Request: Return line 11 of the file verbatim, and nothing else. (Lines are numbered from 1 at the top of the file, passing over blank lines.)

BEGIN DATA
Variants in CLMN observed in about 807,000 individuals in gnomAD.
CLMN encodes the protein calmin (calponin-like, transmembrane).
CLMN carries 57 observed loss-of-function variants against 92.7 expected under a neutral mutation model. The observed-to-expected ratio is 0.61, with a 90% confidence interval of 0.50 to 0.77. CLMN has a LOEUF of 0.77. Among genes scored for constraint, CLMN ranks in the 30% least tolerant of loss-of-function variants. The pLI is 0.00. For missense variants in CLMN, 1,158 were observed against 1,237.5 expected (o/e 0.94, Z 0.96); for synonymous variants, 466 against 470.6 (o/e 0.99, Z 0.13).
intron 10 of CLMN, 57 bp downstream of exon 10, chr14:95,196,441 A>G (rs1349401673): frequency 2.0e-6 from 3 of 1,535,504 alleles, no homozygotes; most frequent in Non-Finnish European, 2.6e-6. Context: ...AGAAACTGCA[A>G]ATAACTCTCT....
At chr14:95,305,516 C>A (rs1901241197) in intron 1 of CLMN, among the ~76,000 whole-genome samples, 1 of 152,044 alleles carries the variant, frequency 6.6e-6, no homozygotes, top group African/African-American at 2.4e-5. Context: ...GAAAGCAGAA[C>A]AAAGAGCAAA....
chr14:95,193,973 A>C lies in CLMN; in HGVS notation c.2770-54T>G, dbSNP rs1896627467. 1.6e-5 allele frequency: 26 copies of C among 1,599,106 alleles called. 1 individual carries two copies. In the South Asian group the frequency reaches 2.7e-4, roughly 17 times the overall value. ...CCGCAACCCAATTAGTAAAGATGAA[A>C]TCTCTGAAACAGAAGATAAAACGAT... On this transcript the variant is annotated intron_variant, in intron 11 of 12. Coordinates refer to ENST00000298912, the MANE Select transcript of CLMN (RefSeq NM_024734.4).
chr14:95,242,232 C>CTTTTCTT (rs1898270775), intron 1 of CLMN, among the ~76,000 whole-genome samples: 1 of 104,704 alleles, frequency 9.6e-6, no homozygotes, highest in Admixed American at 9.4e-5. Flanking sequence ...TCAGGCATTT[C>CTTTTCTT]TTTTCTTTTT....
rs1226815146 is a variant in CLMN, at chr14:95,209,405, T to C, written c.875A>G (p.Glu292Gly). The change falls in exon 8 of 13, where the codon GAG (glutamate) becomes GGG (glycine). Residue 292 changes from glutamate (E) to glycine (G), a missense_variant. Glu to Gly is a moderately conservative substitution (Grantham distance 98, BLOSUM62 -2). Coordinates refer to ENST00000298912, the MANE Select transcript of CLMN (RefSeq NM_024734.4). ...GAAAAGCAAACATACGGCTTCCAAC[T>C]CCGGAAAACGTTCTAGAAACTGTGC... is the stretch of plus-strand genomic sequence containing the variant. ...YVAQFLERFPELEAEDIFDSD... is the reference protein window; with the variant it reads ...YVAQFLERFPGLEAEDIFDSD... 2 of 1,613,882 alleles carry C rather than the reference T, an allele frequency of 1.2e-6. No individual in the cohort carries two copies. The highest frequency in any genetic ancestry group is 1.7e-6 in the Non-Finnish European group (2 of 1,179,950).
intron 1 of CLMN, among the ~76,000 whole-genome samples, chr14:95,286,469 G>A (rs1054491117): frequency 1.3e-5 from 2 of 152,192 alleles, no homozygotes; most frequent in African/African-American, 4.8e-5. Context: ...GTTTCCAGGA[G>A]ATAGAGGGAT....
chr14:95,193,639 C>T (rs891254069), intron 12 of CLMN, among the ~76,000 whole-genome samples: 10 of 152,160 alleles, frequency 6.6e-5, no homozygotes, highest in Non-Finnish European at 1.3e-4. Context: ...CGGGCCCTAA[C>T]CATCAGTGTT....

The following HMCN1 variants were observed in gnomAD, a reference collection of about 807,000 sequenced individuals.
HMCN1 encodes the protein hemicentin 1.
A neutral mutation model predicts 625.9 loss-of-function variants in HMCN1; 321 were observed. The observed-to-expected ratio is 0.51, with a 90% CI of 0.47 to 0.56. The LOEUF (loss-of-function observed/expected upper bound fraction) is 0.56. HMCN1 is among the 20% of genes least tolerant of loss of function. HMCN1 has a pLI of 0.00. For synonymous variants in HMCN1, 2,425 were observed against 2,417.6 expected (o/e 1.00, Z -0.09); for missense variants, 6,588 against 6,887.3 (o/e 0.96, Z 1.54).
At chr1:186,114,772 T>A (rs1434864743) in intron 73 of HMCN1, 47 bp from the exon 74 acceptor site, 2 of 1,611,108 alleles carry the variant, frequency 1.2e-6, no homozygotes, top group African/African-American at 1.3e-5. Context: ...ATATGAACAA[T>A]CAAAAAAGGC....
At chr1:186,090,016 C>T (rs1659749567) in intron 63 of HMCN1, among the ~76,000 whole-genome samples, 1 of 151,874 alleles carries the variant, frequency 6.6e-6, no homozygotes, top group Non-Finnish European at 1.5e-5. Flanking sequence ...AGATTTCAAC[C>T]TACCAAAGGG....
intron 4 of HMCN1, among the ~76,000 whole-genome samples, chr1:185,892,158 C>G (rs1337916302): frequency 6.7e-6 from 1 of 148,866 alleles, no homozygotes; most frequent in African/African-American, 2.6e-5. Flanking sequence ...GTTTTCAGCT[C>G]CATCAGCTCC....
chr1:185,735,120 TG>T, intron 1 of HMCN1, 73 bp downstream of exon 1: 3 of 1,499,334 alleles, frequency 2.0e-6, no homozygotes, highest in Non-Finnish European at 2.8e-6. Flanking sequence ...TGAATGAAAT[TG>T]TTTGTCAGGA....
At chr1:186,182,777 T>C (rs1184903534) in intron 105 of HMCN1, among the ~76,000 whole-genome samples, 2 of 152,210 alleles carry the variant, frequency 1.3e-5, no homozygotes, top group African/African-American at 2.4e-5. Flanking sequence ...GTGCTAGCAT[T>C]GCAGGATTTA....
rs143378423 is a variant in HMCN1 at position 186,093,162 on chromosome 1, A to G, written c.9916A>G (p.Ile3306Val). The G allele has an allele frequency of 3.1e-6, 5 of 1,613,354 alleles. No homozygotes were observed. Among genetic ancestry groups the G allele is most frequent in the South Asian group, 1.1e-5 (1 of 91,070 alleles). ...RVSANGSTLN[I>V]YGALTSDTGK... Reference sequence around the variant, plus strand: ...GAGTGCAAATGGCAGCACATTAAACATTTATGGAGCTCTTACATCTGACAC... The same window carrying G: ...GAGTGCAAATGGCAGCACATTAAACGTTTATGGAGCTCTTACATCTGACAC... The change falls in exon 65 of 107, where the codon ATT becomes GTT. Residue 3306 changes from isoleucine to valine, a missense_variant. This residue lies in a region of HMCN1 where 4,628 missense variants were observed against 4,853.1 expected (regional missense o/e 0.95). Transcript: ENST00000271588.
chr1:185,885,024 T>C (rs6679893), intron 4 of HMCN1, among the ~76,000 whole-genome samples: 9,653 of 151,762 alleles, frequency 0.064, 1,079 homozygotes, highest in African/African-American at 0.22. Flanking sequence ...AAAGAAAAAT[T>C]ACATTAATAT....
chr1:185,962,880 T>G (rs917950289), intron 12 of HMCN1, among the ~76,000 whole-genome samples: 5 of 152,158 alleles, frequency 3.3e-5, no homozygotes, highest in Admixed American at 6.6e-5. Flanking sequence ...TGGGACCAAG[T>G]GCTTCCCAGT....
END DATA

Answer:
The following HMCN1 variants were observed in gnomAD, a reference collection of about 807,000 sequenced individuals.